A reader responds
An erudite reader responds to my previous post.
I read your latest post, Terra Nullius with great interest. I fully agree with your point on the idiocy of the Swiss Ethics Committee's report. However, you may not be aware of the origins of the doctrine of terra nullius or of the fact that in 1788, the date of the first settlement, if you had mentioned the term, no one would have known what you were talking about, for no one would ever have heard of it.
In fact, to refer to the rights of the Crown as dependent on the doctrine of terra nullius is as accurate as to refer to the overthrow of Governor Bligh in 1808 as The Rum Rebellion, a name which was actually invented by English Quaker William Howitt in 1855. Just as the so-called Rum Rebellion had nothing to do with rum, the settlement of Australia had nothing to do with the subsequent invention of the doctrine of terra nullius. However, legends stick.
How then did the term come into Australian courts?
In Error Nullius Revisited, a paper presented to the Samuel Griffith Society in 2004, Dr Michael Connor explains:
Terra nullius came to Australia from Algeria, not England. An obscure term, confusingly defined, it was not the legal doctrine behind the 18th Century British occupation of Australia. An argument of modern racial politics, it is not the basis of national sovereignty. In 1977 Paul Coe of the Redfern Legal Service introduced terra nullius into a case he was arguing before Justice Mason of the High Court. Before then few Australians had ever heard the term. Coe, claiming restitution and compensation for Aborigines, argued Australia had not been terra nullius at the time of European settlement. No-one in the 18th Century had said it was.
Coe had not found terra nullius in the Historical Records of Australia, but in the International Court of Justice's Advisory Opinion on Western Sahara, on the 1975 dispute between Algeria and Morocco over Western Sahara. The Algerian lawyers defined terra nullius as a "territory belonging to no-one". Seldom reported is the Moroccan lawyer's comment on Algeria's arguments as a "real piece of intellectual conjuring".
Sir William Blackstone's Commentaries on the Laws of England provides a better source for the legal doctrines actually applied in the settlement of Australia than does the International Court of Justice.
In Thoughts on Terra Nullius, a paper presented to the Samuel Griffith Society in 2007, Dr Geoffrey Partington notes:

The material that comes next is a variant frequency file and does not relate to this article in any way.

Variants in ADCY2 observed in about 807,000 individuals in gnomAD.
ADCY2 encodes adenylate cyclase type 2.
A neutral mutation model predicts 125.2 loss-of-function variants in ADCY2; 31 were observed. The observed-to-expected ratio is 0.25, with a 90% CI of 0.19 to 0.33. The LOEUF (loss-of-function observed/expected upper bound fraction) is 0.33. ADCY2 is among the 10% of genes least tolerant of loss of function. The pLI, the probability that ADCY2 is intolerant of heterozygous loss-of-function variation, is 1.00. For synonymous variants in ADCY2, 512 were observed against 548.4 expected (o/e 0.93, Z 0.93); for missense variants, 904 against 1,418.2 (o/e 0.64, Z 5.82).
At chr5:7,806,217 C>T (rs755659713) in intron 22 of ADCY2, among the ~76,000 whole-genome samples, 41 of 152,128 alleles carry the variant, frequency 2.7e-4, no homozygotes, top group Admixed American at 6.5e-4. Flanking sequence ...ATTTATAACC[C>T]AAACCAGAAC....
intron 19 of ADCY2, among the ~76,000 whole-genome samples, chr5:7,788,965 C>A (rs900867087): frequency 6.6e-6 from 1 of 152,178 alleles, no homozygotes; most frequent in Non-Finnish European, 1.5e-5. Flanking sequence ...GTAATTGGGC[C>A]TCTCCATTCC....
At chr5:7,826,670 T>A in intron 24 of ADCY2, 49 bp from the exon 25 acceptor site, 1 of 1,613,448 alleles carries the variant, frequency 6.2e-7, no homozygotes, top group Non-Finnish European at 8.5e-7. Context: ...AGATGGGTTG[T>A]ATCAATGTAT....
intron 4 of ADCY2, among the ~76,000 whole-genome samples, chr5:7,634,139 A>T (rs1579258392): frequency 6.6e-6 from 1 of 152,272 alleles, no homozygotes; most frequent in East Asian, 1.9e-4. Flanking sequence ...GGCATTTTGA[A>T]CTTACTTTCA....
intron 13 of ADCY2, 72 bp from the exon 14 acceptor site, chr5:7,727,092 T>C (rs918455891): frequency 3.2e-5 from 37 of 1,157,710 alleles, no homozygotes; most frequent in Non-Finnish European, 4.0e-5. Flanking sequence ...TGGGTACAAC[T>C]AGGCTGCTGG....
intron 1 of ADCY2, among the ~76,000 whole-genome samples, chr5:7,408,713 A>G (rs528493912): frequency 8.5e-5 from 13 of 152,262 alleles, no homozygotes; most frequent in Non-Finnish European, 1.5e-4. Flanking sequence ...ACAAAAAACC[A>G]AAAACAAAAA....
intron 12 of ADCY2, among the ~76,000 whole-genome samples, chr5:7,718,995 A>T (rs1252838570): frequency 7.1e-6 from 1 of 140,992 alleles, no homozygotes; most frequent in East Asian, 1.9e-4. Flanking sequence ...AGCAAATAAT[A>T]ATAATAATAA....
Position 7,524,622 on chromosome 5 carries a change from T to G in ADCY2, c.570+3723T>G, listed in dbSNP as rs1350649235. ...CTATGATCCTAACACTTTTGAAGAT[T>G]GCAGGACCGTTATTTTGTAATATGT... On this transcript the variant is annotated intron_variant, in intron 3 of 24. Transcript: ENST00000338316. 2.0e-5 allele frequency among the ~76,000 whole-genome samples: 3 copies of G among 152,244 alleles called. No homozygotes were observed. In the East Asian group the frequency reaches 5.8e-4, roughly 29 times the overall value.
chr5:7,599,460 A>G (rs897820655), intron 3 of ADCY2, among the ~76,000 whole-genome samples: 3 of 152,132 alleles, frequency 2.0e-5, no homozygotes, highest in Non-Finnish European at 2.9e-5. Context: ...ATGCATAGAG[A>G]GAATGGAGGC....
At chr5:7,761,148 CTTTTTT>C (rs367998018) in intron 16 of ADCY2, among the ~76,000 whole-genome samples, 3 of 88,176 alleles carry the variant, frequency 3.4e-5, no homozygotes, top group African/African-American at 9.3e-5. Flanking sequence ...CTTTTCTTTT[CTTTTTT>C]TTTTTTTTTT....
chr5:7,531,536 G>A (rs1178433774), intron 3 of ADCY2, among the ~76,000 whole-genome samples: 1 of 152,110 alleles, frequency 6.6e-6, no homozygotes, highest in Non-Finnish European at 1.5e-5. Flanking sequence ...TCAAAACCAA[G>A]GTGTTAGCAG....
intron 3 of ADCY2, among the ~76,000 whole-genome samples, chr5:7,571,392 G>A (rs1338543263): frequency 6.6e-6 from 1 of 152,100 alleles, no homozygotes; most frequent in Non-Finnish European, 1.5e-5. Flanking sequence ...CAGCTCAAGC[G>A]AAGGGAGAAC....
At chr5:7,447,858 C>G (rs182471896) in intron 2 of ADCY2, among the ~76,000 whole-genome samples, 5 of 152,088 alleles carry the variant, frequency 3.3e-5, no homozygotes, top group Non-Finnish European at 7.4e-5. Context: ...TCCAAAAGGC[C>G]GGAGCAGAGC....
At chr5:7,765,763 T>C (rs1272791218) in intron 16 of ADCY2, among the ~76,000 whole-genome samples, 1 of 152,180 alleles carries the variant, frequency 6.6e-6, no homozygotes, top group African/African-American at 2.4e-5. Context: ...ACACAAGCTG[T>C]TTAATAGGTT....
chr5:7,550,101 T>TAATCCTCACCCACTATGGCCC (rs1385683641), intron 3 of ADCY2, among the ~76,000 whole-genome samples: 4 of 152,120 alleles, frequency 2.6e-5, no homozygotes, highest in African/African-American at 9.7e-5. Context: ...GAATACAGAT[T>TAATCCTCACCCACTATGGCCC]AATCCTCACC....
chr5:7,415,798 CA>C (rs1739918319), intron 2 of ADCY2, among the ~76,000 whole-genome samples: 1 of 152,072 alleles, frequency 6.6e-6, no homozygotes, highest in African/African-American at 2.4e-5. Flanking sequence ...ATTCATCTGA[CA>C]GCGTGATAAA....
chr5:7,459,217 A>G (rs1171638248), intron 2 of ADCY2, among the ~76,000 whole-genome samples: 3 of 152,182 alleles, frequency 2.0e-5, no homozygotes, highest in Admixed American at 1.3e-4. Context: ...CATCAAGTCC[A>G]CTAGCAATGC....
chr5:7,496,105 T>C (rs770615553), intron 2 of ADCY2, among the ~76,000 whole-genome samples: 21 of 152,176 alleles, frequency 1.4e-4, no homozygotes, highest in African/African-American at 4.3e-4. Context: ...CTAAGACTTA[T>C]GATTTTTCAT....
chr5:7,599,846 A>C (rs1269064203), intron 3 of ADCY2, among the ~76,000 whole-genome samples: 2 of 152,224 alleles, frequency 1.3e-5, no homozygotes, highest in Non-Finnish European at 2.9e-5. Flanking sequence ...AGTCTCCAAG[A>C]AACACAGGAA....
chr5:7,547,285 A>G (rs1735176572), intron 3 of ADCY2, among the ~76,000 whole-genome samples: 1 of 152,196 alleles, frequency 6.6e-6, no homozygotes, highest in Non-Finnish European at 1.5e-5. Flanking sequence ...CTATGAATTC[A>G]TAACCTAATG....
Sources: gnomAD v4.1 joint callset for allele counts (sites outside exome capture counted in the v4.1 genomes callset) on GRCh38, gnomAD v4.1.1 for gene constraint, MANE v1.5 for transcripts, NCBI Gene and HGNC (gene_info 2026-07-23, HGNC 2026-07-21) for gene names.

The most widely respected legal opinion in Britain in 1788 on such matters [territorial claims] was that of the recently deceased Sir William Blackstone. Blackstone never used the term terra nullius, but he was largely responsible for the important legal distinction between conquered or ceded colonies, and colonies of settlement. In one version of his Commentaries he wrote:"In conquered or ceded countries, that have already laws of their own, the king may indeed alter and change those laws, but till he does actually change them the ancient laws of the country remain, unless such are against the law of God, as in the case of an infidel country".
In practice, in many conquered states regarded by Christians as infidel, the English Crown permitted the continuance for many years after the establishment of its sovereignty of not only existing property rights, but also of practices, such as polygamy and suttee, that were illegal in England. Ceded or conquered territories were usually parts of organised states, often ones recently defeated in war. On the other hand, Blackstone maintained, that in "colonies of settlement", or "plantations", all the English laws "are immediately in force".
It is not correct that English legal doctrine held that Aborigines were deemed not to exist. As Partington notes:
Blackstone wrote that "colonies of settlement" included all cases when "an uninhabited country be discovered and planted by English subjects", but his definition also included lands very sparsely populated, lands without sovereignty or property rights, and lands lacking cultivation of the soil. Justice Blackburn held in 1971, in Milirrpum v. Nabalco Pty Ltd and The Commonwealth of Australia, that Blackstone's definition of "desert and uncultivated", or colonies of settlement, had "always been taken to include territory in which live uncivilized inhabitants in a primitive state of society", not simply or mainly territory which is unoccupied.
It isn't true that Aborigines were to be treated just a rocks, and the doctrine of terra nullius, which didn't previously exist, had to be invented so that it could be overturned!
Partington discusses the issue of land title in his paper, which should be read in full, and I won't try to summarise it here. However, it should be noted that the nature and scope of any title to land in Aboriginal society was totally at variance with any form of title envisaged by English law. The Crown never asserted that Australia was unoccupied or uninhabited, but that it lacked sovereignty, identifiable boundaries, cultivation of the soil and the rudiments of a civil society, with an absence of evidence of property rights that the Crown could identify.
In broad terms, without cultivation, Hope that's useful. The Belmont Club is supported largely by donations from its readers.
Hope that's useful.
The Belmont Club is supported largely by donations from its readers.